Entry requirements

Courses of at least 90 credits at first cycle including the following knowledge/courses. Basic knowledge in the subject of Automatic control. Concepts such as transfer function, Bode plot, poles and zeros, impulse response and step response, feedback and PID controllers should be known. Sound knowledge on the Laplace transform and experience with Matlab is also presumed. These prerequisites correspond to the course R0002E or R0003E. Alternative: Alternative to completed courses can be corresponding knowledge acquired through work within the processindustry or electronics sector.

More information about English language requirements


Selection C

Course Aim

The course aim is for students to acquire in-depth knowledge of feedback systems, their design and their use in control engineering applications.

The students should be able to:

  • demonstrate broad knowledge of control engineering methods and terminology.
  • demonstrate broad knowledge of mathematical methods to analyze dynamic systems
  • demonstrate the ability to model dynamic systems based on empirical data
  • use standard methods for designing and analyzing controllers.
  • demonstrate an ability to, in a group,simulate, analyze, evaluate and implement controllers for a real process and to report on this work, both orally and in writing
  • demonstrate the ability to identify  constraintsof simple controllers and the need for more advanced methods.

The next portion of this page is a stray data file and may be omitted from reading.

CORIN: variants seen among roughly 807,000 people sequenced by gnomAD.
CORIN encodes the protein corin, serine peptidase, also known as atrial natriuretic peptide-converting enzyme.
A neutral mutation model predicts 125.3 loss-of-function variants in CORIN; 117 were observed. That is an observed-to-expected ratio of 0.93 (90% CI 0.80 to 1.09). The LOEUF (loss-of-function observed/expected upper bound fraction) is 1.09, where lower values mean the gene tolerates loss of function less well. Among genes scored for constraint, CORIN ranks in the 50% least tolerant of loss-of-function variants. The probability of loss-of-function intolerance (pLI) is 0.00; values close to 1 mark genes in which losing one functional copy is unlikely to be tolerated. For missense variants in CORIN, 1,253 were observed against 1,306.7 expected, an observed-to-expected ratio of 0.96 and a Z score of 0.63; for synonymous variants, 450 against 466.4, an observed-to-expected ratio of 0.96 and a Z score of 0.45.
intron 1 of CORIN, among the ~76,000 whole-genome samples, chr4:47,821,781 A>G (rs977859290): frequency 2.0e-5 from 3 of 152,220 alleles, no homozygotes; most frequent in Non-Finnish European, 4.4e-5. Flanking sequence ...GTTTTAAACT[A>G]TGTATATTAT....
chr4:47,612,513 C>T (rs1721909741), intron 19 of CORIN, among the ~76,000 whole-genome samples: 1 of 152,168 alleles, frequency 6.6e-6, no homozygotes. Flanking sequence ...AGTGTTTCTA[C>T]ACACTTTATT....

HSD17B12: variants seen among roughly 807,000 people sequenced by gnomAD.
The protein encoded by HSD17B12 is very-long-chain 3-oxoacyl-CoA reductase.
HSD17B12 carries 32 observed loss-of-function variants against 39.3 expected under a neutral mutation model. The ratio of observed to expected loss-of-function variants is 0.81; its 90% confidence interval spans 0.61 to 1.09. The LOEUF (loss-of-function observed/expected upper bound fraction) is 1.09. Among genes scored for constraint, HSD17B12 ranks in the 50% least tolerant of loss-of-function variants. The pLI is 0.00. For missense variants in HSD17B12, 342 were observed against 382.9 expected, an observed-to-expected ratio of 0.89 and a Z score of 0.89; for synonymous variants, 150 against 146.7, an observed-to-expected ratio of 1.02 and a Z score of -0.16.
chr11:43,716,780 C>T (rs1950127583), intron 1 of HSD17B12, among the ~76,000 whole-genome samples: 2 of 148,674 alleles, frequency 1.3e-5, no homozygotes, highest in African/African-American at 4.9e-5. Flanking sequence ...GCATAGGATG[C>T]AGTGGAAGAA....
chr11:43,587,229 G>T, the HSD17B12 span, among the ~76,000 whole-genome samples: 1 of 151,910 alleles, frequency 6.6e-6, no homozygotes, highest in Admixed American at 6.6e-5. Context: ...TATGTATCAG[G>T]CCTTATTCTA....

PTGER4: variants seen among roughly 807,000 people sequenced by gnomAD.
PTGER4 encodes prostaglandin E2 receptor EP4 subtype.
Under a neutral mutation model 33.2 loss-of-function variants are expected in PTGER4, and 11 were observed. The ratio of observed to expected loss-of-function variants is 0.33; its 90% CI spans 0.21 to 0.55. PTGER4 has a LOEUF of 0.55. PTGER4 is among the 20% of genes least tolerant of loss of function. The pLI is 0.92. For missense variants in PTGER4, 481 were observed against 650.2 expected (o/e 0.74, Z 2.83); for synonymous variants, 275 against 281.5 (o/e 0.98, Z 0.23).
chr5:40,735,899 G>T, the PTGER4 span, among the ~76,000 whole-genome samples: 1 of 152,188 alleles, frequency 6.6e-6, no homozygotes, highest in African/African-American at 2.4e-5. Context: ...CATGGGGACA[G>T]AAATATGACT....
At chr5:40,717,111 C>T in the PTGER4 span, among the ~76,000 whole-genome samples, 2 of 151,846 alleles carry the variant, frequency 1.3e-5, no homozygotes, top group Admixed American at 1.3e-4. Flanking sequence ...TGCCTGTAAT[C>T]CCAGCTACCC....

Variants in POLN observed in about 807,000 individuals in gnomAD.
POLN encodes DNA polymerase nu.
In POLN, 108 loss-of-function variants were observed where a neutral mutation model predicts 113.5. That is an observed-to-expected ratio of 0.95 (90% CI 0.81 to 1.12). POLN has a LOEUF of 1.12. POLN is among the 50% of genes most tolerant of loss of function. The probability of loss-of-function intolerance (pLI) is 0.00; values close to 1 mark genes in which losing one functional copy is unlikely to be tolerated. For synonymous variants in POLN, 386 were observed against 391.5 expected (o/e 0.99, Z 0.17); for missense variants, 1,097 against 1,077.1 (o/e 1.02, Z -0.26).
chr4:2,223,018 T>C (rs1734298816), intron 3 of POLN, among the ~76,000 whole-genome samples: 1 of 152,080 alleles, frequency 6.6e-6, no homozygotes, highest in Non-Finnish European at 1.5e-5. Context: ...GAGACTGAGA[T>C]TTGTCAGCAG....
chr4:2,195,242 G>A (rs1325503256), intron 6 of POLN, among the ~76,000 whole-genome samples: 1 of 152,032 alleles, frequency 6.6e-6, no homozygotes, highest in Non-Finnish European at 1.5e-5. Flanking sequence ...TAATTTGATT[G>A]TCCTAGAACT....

• show insight into how the use of automaticcontrol can contribute to sustainable development through reduced consumption of resources.
Automatic Control is the Science of controlling processes. A typical example of is the cruise control in a car. In this case the car is the \"process\" and the cruise controller varies the throttle lever (\"input signal\") in order to maintain constant speed (\"output signal\") despite slopes and wind gusts (\"disturbance\"). Other common examples can be found in the process industry, where common tasks are to control pressure and temperature, and in communication where it is desirable to control data rates and transmitted power. Control theory is, however, not limited to technical systems but may also be applied in e.g. economy and medicine. Automatic control is generally used for maintaining quality while minimizing consumption of resources such as energy or raw material. This is our standard course in Automatic Control and covers the most common classical methods for analysis and design of feedback control systems for a broad spectrum of technical processes. The course provides detailed knowledge on the subject, sufficient for non-specialists, and gives a broad and necessary base for further studies in the subject. The course is started with a solid treatment of some basic control theoretic concepts, some known from previous courses. Examples are e.g. poles and zeros, stability, and Bode diagrams. Gradually, new concepts and tools will be introduced, such as the Nyquist criterion for stability analysis, state feedback, and control of sampled systems. To confirm the theoretical knowledge obtain during the course, lab work is performed, e.g. on a model of an overhead crane that is set up on the campus. The task here is to design a controller in order to move a cargo, suspended in a wire, from one point to another without oscillation.
The teaching consists of lectures, problem seminars, and laboratory work. The labs are constituted by simulation exercises and controlling a real-world process, the overhead crane model in the foyer of the A-building